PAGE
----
ADS-B Benefits to General Aviation and Barriers to Implementation
Author(s)Kunzi, Fabrice; Hansman, R. John
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Automatic Dependent Surveillance -‐ Broadcast (ADS-‐B) will be the basis of the future surveillance system in the US. To achieve benefit from ADS-‐B, aircraft have to be equipped with ADS-‐B avionics across all stakeholders. General Aviation (GA) comprises over 96% of the active aircraft fleet in the US but average yearly utilization for GA aircraft is 21 times lower than that of commercial aircraft. Since many benefits from ADS-‐B depend on aircraft utilization, concern exists that ADS-‐B does not provide enough user benefit to GA, possibly resulting in delayed acceptance and aircraft equipage with ADS-‐B avionics. One way of providing user benefits and thus increasing incentives for GA users to equip with ADS-‐B is to create and implement ADS-‐B applications that are of high value to those operators. ADS-‐B Surveillance in non-‐RADAR airspace and ADS-‐B based Traffic Situation Awareness (TSA) are identified as two applications that are expected to provide significant benefit to GA. Both applications are evaluated and possible barriers to the delivery of benefit are identified. In order to identify where TSA would be most beneficial, ten years’ worth of NTSB mid-‐air collision reports were reviewed. Ten years of ASRS and NMACS near mid-‐air collision (MAC) reports were also reviewed. The analysis revealed that aircraft are most likely to encounter each other in the airport vicinity – specifically in the pattern (59% of MACs). Current Traffic Awareness systems are not reliable in that environment due to insufficient surveillance data quality. Surveillance data from ADS-‐B , however, has much higher resolution. Therefore, ADS-‐B based traffic alerting systems are expected to be capable of providing reliable alerting in such environments and would thus pose a significant incentive for GA to equip with ADS-‐B. An analysis of the current availability of low altitude surveillance over the continental United States was conducted in order to identify where ADS-‐B Low Altitude Surveillance would be beneficial. Providing low altitude surveillance has the potential to improve efficiency during IFR conditions. 27 towered airports with RADAR floors of more than 500ft have been identified. ADS-‐B surveillance in those locations would create a significant benefit locally. Non-‐towered airports without low altitude surveillance are more common (806 total). ADS-‐B surveillance to such airports has the potential to increase airport acceptance rates in Instrument Flight weather and thus providing benefit to GA. However, in addition to providing surveillance, additional ATC procedures need to be developed to take advantage of such ADS-‐B surveillance. The new procedures would allow ATC to remain in radio communication with aircraft operating at non-‐towered airports, preventing the application of inefficient procedural control.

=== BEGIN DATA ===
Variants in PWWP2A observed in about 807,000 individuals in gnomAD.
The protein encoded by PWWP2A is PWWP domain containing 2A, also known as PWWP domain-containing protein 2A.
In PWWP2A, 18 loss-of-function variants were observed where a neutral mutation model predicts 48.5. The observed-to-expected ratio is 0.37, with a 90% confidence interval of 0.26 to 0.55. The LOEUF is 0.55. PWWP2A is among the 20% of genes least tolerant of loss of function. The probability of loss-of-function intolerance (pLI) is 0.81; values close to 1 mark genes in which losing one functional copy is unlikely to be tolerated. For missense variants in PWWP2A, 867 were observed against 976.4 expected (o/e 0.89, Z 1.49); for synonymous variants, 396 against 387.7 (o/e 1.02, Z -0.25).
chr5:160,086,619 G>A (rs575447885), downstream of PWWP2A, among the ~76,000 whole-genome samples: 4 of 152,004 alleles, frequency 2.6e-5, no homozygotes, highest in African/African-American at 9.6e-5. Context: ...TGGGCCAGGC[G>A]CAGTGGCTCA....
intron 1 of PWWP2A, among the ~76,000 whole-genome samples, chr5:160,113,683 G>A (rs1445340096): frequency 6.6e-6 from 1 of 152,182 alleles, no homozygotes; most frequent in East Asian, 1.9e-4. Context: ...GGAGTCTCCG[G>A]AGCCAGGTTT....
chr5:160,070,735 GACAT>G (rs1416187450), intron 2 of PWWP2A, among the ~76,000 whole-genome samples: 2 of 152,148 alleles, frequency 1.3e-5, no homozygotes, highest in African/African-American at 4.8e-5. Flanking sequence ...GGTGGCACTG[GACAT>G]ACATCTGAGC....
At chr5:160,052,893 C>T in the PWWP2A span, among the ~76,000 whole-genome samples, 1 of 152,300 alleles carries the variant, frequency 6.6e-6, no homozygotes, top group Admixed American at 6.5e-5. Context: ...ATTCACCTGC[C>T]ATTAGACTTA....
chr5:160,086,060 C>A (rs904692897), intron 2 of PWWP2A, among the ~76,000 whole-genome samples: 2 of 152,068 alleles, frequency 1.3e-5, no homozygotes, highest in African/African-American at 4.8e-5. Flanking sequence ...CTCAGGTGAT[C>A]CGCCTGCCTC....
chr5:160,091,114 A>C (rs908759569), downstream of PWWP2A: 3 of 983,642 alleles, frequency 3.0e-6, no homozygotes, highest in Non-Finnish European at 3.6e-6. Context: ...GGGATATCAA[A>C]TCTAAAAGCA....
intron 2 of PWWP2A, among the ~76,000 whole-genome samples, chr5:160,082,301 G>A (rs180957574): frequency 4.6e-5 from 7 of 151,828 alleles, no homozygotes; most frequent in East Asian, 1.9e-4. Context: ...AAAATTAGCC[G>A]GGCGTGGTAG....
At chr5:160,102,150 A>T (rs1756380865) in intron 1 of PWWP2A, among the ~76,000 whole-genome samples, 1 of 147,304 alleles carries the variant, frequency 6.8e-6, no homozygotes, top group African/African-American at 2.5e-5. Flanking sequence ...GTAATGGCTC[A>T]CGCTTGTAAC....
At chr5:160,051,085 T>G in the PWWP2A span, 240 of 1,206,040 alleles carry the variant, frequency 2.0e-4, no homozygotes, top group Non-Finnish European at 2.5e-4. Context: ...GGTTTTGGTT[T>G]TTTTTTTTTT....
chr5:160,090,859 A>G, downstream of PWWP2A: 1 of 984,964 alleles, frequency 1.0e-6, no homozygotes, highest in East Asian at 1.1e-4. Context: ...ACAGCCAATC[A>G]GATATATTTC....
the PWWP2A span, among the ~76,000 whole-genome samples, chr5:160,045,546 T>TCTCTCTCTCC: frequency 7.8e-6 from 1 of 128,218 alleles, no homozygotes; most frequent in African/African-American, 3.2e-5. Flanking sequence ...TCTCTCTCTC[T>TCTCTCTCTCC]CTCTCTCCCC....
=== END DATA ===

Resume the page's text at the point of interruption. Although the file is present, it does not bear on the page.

Automatic Dependent Surveillance - Broadcast, ADS-B, air transportation, General Aviation, Traffic Situation Awareness
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